CELEBRITOCRACY By Cooper Lawrence PHD
Here’s Your Permission Slip To Find A Special Charity and Detach From Celebrities Urging You To Fund Theirs
It’s all around us. Celebrities are ubiquitous, feeling the need to weigh in on every aspect of life and politics. Every statement or post they write is out there making us feel less-than for not sharing their fashion sense, political views or altruistic endeavours. It’s one thing to post an opinion, but another to influence us to open our wallets and give to the charities they have chosen.
For example, in a recent video Ashton Kutcher and wife Mila Kunis, urge us to buy their wine so they can then donate to a “handful of charities” chosen by them. Kutcher is worth upwards of $250 million dollars. Why would he not eliminate the middleman (us) and just give to charity himself?
You’re more likely to experience the benefits of charitable giving by choosing an organisation that has meaning to you, personally. Charitable giving has been linked to lower levels of depression, higher levels of pleasure in the brain, and longer life. In fact, a long-term study at the University of Buffalo found that people who engaged in helping behaviours and volunteerism reduced their mortality rates as compared to those who did nothing.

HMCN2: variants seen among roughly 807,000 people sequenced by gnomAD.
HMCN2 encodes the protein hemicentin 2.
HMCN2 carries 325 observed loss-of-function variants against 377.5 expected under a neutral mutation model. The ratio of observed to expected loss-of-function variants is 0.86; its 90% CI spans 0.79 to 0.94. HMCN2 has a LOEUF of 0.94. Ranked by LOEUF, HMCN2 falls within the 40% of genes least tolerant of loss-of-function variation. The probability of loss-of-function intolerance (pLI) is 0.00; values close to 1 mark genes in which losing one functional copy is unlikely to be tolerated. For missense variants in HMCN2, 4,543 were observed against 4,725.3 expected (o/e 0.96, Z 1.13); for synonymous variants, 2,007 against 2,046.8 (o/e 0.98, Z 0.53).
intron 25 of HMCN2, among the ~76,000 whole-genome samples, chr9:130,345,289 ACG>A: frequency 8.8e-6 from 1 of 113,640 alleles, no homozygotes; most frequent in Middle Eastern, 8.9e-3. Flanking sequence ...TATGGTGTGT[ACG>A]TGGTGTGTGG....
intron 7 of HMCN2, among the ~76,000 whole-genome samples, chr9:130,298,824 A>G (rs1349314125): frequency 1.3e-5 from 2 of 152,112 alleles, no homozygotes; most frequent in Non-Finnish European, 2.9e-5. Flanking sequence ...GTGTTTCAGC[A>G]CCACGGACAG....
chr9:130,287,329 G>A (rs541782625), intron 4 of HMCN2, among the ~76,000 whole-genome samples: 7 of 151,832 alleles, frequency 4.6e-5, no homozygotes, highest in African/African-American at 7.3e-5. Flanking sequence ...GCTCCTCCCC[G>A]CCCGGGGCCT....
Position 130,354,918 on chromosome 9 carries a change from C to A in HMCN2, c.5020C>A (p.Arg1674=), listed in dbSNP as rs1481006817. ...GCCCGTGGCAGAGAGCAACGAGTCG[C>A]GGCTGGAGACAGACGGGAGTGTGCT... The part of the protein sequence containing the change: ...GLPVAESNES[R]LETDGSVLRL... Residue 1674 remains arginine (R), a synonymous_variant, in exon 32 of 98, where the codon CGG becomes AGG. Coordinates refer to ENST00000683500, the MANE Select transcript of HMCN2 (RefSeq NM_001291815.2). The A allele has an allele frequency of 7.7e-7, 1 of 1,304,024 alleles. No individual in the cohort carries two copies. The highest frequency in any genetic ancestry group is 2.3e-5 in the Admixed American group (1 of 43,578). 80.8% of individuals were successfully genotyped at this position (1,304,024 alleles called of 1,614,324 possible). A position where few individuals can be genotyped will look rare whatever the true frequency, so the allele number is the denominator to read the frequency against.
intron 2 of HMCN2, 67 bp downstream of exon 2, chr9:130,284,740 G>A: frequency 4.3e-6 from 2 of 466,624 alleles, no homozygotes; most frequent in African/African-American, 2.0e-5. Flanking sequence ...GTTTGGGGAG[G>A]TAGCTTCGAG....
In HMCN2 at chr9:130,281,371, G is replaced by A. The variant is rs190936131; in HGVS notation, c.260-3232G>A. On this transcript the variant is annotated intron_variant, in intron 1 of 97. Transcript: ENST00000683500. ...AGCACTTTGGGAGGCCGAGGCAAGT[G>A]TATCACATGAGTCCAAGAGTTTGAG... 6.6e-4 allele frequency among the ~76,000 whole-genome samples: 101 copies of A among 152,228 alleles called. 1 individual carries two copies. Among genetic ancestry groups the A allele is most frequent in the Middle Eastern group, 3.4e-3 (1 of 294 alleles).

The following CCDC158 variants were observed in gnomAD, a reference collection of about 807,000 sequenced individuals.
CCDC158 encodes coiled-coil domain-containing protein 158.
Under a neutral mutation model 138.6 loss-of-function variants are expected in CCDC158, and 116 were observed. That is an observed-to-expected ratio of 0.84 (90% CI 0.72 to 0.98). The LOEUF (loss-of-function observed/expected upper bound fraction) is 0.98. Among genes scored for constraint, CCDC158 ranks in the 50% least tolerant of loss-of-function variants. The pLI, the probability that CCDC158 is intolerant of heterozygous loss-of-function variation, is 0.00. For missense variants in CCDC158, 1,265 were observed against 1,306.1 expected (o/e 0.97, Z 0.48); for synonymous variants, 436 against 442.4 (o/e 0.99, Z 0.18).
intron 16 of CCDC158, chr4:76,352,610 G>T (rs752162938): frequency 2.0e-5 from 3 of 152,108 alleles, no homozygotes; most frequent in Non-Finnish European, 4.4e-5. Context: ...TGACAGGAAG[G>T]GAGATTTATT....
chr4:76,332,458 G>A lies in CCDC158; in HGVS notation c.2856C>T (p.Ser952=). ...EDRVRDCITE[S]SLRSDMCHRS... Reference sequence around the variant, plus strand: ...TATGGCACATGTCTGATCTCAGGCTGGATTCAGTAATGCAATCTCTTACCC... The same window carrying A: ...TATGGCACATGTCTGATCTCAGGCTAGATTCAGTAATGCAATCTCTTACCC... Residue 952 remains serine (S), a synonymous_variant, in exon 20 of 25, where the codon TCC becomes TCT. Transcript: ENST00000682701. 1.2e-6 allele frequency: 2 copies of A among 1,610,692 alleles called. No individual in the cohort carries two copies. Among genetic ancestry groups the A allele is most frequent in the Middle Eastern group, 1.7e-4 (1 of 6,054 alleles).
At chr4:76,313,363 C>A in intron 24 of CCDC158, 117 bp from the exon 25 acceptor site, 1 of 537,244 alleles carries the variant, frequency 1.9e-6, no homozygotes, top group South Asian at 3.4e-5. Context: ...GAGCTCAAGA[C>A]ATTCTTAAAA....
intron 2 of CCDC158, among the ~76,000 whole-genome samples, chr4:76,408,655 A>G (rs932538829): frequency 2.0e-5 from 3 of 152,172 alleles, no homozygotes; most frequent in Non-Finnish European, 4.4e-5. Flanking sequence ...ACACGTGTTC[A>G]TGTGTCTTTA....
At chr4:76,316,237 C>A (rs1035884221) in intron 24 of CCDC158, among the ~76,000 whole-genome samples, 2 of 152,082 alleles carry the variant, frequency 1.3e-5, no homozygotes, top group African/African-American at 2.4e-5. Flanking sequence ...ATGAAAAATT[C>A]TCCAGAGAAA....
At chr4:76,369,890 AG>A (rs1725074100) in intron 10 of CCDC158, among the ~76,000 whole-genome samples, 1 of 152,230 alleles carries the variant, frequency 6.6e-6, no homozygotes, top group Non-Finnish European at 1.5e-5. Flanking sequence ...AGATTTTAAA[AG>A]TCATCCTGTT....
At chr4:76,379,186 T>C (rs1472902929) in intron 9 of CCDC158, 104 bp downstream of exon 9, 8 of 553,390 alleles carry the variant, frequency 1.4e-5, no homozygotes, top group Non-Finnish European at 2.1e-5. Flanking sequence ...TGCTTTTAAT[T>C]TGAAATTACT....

It’s also important to remember that many celebrities choose charities for publicity reasons and not for altruism. Most recent examples of this fake giving are by Matt Lauer and Kevin Spacey; and more overtly by Chris Brown who, after being arrested for domestic violence, donated the proceeds of his concerts to domestic violence-related charities.
Your desire to help (volunteer) or to donate comes from a sincere and real place. Do not let a celebrity choose your charity. They don’t know more than you do and they are not experts. We mistakenly think they are but when you’re sick, you go to a doctor; you don’t try to get an appointment with Meryl Streep. When your kitchen pipes burst, you call a plumber, not Christian Bale. Celebrity activism has actually gone awry more than it has done the work it is intended to do.
If you’re interested in learning more about celebrity activism gone wrong, pick up a copy of my new book Celebritocracy: The Misguided Agenda of Celebrity Politics in a Postmodern Democracy.
For us, we have a therapy dog and we volunteer at hospitals, schools and libraries because that’s what works for us. We urge you to find the charity or foundation that works for you and help any way you can, but whatever you do, don’t choose your charity because a celebrity told you to.
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